The increased efficiency saves me time and money.

Holistic grazing saves money in more ways than one, especially for breeds such as the Katahdin. Because they’re naturally parasite-
resistant and easy to control, it’s easy to keep these sheep healthy. Frequent moves mean they leave grazed areas before these become infested with worms, something that can be difficult to accomplish with breeds not as well adapted to temporary fence systems. 

No plan for holistic grazing is complete without water and minerals. Fortunately, Katahdins are easy sheep to provide for. 

On pasture, sheep typically drink very little water. A 5-gallon bucket refilled daily may be sufficient for 10 or more sheep. I also keep a copper-free salt block constantly available. (It’s important to avoid mineral blocks that include copper, which can cause toxic buildup in a sheep’s liver.) 

Katahdins’ mixed forage diet provides the bulk of their mineral needs. Some dried kelp offered as an occasional treat takes care of the rest.

Katahdins are hardy animals, and except at times when the weather is extreme or the lambs are very small, the sheep don’t require shelter. Their hair coats are waterproof and provide good insulation. 

Here in northern Appalachia where I live, temperatures may drop below zero on many winter nights. But the cold isn’t a problem for my adult animals. 

During the hottest summer months, I do make sure they have access to shade. Other than that, the infrastructure necessary for Katahdin sheep is minimal.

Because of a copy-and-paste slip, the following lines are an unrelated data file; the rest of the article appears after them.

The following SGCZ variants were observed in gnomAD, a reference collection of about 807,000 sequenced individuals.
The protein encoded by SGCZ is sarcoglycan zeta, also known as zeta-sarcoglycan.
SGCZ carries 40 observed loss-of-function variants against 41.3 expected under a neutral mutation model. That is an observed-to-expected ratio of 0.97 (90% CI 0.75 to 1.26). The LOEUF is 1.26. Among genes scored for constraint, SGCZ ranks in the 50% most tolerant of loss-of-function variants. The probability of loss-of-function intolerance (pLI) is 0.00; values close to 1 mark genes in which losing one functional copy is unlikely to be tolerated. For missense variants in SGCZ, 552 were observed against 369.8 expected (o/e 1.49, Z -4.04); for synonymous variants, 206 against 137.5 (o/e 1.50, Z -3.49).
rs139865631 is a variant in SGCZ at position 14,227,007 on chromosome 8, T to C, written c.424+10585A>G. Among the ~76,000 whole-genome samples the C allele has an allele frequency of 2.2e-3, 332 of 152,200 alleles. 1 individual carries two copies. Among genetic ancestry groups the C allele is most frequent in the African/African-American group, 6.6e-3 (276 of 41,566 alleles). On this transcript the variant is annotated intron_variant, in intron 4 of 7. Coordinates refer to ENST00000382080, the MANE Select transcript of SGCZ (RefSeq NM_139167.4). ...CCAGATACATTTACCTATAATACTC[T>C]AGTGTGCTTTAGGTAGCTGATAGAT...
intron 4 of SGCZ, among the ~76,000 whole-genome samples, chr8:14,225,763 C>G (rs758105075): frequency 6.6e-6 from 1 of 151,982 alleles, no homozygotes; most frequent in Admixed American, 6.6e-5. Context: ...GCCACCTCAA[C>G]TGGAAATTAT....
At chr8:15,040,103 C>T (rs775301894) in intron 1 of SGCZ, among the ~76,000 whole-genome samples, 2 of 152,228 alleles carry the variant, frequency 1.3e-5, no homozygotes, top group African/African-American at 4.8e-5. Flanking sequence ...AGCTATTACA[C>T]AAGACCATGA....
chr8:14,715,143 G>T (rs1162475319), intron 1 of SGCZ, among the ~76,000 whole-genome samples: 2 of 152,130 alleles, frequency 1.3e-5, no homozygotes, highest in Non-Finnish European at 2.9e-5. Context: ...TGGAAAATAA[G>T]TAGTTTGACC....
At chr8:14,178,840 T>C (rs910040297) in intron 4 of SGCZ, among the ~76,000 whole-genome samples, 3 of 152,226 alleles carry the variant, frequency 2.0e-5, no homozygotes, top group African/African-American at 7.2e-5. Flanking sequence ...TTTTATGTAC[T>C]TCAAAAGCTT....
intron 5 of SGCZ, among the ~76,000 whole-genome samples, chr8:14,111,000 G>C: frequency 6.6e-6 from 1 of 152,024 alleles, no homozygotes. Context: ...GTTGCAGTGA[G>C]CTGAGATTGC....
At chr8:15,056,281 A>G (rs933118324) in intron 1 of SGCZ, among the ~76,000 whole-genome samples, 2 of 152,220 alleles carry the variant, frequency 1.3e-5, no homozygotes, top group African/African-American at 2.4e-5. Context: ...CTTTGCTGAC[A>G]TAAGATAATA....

Breeding & Culling

As with any livestock, it makes a big difference to start with strong breeding stock. I learned this the hard way! My first Katahdins were cull animals from a neighboring farm. That was a big mistake. Although they were strong and healthy, they had mothering problems.

It took three years of uncompromising culling to establish the sound, reliable genetic pool I enjoy now. Don’t be afraid to enact draconian selection practices. The most reliable and effective way to avoid problems is to eliminate problem individuals. 

Katahdins are friendly and tractable, making for ease of management and milking. This breed rewards the regular handling inherent in intensive grass management. Even rams are typically gentle, but don’t let them get too familiar. Any animal may behave aggressively if it sees you as its equal. Never hesitate to replace an aggressive animal. You want to avoid injury and aggressive characteristics reproduced in your flock.

Katahdin lambs mature young, resulting in early availability for breeding. Ewes can be bred at 6 months. They conceive readily, and the rams are typically fertile throughout the year. It follows that you could have as many as three lambings in two years, while the Katahdin’s tough grazing genetics make it a good mother. 

Lambing problems ceased to be an issue as selection improved my flock genetics. Just a hint, though: Be sure to remove male lambs from the breeding flock by 4 months of age to avoid undesirable conceptions.

Although I like ewes to lamb in the barn between December and February (a period of unpredictable weather for my region), the rest of the year my flock lambs in the field. Katahdins seldom need assistance.  

Katahdin sheep breed lamb
britaseifert/Adobe Stock

Natural Health

Katahdins are one the most labor-free flocks you could have. They are less prone to common diseases, and when they are grazed on diverse pasture, they instinctively self-medicate with native plants. This, with Katahdins’ natural parasite-resistance, eliminates the need for toxic dewormers. On the rare occasions when I have seen signs of parasite infestation (a manurey tail or distended belly), the issues have rectified themselves without intervention.